How to use the WIN GitLab instance for your code and documentation
GIT is a service which allows version control of material and syncing between local (on your computer) and remote (on a server, accessible through a web browser) versions of material. These remote and local versions are useful for backup and collaboration, where different users can access the same remote content.
WIN provide a git service using the open source GitLab software. We have installed GitLab on our internal servers, so you can use it to maintain your material in a space where we have complete control over who can access it.
GitLab is best used for the management of text-based documents with some pictures (not nifti brain images!). This mainly covers code and documentation. It is also useful for project management by logging issues and milestones, and tracking collaboration.
GitLab manages your version control. This means that each change you make to the remote repository is tracked and can be reversed. This is helpful for undoing changes (you can revert to earlier points in time) and tracking who has made changes on a collaborative project.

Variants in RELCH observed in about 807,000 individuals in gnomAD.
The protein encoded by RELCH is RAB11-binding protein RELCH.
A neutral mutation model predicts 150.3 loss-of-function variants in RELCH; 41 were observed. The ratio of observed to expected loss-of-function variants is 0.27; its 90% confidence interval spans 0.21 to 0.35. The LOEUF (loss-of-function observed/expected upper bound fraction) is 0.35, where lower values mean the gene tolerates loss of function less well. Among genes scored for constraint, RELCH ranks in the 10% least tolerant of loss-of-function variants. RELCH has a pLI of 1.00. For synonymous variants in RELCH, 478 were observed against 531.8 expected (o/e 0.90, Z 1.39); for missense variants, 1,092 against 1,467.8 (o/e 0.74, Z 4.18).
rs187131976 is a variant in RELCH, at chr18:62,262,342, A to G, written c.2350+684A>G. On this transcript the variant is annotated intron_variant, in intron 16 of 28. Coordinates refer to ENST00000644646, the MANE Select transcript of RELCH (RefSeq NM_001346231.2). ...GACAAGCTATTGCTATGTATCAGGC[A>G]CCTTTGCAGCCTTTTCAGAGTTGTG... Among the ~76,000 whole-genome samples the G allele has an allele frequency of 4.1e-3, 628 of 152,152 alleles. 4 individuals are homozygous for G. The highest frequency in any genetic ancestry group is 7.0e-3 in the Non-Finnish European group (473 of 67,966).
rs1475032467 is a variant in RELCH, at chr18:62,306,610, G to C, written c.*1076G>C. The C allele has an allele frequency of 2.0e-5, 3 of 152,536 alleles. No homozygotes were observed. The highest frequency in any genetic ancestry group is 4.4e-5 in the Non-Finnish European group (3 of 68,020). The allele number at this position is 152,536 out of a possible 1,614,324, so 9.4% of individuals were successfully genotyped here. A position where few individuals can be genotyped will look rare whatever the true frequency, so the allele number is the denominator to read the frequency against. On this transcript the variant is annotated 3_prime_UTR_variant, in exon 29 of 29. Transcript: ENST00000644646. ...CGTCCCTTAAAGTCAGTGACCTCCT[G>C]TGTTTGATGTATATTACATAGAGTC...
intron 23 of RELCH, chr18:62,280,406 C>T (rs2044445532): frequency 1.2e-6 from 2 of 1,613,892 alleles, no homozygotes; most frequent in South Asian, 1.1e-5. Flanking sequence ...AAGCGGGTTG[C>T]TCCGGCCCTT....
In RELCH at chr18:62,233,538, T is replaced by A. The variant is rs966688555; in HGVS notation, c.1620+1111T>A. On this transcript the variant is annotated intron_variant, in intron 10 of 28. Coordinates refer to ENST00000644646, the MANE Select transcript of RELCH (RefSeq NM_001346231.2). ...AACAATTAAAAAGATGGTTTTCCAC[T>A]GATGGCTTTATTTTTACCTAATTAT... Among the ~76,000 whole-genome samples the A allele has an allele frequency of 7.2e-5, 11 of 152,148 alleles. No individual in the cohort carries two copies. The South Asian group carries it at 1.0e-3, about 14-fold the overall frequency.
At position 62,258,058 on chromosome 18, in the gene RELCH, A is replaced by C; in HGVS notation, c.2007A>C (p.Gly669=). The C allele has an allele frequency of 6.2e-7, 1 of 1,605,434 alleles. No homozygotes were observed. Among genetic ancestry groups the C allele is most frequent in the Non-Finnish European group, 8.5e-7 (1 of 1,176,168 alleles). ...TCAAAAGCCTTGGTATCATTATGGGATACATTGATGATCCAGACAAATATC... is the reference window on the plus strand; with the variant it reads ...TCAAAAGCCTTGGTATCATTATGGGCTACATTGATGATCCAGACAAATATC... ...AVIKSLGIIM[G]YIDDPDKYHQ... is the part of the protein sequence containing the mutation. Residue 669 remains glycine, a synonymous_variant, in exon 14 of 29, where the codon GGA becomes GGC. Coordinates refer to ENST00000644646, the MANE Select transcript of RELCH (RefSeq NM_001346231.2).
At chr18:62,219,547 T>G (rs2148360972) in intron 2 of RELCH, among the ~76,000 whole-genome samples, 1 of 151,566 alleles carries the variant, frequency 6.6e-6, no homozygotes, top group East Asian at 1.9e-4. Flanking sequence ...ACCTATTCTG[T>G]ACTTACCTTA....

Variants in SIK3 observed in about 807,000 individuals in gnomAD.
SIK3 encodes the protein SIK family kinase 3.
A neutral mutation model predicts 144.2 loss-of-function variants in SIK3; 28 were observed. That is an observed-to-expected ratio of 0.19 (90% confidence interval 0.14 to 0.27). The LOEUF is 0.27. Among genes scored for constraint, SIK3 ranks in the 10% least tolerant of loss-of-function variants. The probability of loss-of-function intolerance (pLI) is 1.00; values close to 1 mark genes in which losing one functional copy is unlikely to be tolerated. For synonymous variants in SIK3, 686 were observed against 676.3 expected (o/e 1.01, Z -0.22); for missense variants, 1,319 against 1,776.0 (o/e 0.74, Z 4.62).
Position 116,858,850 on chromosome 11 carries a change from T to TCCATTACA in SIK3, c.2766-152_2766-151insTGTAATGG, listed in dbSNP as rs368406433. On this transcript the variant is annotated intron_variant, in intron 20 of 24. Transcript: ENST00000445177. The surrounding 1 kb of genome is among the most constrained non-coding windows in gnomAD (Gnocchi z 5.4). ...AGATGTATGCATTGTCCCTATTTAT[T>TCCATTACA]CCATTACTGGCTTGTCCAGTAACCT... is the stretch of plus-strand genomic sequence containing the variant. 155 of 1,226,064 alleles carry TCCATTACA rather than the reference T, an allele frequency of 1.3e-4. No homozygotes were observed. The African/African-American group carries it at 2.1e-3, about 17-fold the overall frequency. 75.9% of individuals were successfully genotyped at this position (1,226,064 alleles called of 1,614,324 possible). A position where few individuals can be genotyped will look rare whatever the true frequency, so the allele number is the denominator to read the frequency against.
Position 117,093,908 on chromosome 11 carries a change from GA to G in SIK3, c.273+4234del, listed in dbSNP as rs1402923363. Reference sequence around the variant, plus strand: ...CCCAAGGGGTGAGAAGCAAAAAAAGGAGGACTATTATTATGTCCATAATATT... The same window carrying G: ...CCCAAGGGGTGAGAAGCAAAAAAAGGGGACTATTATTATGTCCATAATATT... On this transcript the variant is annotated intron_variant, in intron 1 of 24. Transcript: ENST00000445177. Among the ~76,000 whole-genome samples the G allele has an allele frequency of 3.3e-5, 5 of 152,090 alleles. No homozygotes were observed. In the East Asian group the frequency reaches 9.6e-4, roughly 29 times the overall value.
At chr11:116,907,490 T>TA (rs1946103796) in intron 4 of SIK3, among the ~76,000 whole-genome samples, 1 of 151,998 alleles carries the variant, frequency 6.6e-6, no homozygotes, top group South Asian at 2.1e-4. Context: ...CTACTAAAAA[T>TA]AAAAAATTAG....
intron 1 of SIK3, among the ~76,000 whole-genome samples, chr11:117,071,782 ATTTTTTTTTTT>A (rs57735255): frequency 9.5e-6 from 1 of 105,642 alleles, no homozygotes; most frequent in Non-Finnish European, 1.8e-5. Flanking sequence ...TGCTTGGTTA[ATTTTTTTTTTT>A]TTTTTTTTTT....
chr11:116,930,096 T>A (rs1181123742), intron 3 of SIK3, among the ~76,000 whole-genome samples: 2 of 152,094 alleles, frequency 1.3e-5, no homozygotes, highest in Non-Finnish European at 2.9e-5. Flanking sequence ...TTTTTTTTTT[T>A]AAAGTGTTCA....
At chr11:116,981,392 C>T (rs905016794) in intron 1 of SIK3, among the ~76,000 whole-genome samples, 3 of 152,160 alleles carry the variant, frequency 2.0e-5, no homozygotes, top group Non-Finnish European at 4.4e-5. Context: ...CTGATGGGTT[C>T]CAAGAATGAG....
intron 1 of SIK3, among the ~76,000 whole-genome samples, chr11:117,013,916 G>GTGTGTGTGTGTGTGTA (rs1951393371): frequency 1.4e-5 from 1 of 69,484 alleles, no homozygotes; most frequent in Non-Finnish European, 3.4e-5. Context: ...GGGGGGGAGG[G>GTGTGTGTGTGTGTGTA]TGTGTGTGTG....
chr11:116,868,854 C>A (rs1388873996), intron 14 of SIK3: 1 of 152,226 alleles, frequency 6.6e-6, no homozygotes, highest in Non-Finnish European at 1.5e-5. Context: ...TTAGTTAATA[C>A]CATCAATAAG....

Your gitlab repository can be assigned a digital object identifier (doi). This means everything containing within your repository can be cited as a research output, be it code or documentation. Find out how to create a doi for your repository.
test link: create a doi for your repository
Git and GitLab are an excellent resource for inviting others to contribute to your material. Potential collaborators can be internal to WIN or external. Changes can be incorporated automatically if the collaborator is trusted and known to you (invited directly), or suggested via a “merge request” if the collaborator is not part of your invited group. This process also makes it very easy to follow who has made what contribution, so they can be appropriately attributed for their efforts.
GitLab pages allows you to build professional looking websites, like this one! It is relatively straightforward to build a simple website to share your work with the world, and the options for building in additional complexity are endless.
Table of contents
- What to include in your repository
- How to license your code
- Making your repository citable